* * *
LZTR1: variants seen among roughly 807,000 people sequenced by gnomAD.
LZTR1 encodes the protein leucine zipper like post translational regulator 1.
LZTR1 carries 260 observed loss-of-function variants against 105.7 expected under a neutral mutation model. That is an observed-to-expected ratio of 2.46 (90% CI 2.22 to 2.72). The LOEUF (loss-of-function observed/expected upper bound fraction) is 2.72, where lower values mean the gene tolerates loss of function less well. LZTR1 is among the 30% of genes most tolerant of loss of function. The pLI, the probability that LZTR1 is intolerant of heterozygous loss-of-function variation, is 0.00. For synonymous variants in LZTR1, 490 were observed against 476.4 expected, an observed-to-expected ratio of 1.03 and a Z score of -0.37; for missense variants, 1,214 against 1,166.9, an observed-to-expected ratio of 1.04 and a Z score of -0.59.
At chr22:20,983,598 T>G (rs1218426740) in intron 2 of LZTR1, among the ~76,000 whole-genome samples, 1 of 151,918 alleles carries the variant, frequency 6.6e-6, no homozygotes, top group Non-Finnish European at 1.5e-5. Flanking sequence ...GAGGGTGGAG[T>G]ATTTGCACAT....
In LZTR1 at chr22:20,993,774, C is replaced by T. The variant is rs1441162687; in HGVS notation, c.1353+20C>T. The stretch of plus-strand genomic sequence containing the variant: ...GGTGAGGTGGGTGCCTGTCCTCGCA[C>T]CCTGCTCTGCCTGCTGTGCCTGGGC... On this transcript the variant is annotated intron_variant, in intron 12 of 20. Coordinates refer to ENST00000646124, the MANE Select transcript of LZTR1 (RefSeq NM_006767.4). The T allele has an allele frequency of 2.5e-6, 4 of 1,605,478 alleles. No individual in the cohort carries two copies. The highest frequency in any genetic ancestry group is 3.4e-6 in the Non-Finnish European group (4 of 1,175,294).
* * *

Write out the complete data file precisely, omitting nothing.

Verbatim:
LZTR1: variants seen among roughly 807,000 people sequenced by gnomAD.
LZTR1 encodes the protein leucine zipper like post translational regulator 1.
LZTR1 carries 260 observed loss-of-function variants against 105.7 expected under a neutral mutation model. That is an observed-to-expected ratio of 2.46 (90% CI 2.22 to 2.72). The LOEUF (loss-of-function observed/expected upper bound fraction) is 2.72, where lower values mean the gene tolerates loss of function less well. LZTR1 is among the 30% of genes most tolerant of loss of function. The pLI, the probability that LZTR1 is intolerant of heterozygous loss-of-function variation, is 0.00. For synonymous variants in LZTR1, 490 were observed against 476.4 expected, an observed-to-expected ratio of 1.03 and a Z score of -0.37; for missense variants, 1,214 against 1,166.9, an observed-to-expected ratio of 1.04 and a Z score of -0.59.
At chr22:20,983,598 T>G (rs1218426740) in intron 2 of LZTR1, among the ~76,000 whole-genome samples, 1 of 151,918 alleles carries the variant, frequency 6.6e-6, no homozygotes, top group Non-Finnish European at 1.5e-5. Flanking sequence ...GAGGGTGGAG[T>G]ATTTGCACAT....
In LZTR1 at chr22:20,993,774, C is replaced by T. The variant is rs1441162687; in HGVS notation, c.1353+20C>T. The stretch of plus-strand genomic sequence containing the variant: ...GGTGAGGTGGGTGCCTGTCCTCGCA[C>T]CCTGCTCTGCCTGCTGTGCCTGGGC... On this transcript the variant is annotated intron_variant, in intron 12 of 20. Coordinates refer to ENST00000646124, the MANE Select transcript of LZTR1 (RefSeq NM_006767.4). The T allele has an allele frequency of 2.5e-6, 4 of 1,605,478 alleles. No individual in the cohort carries two copies. The highest frequency in any genetic ancestry group is 3.4e-6 in the Non-Finnish European group (4 of 1,175,294).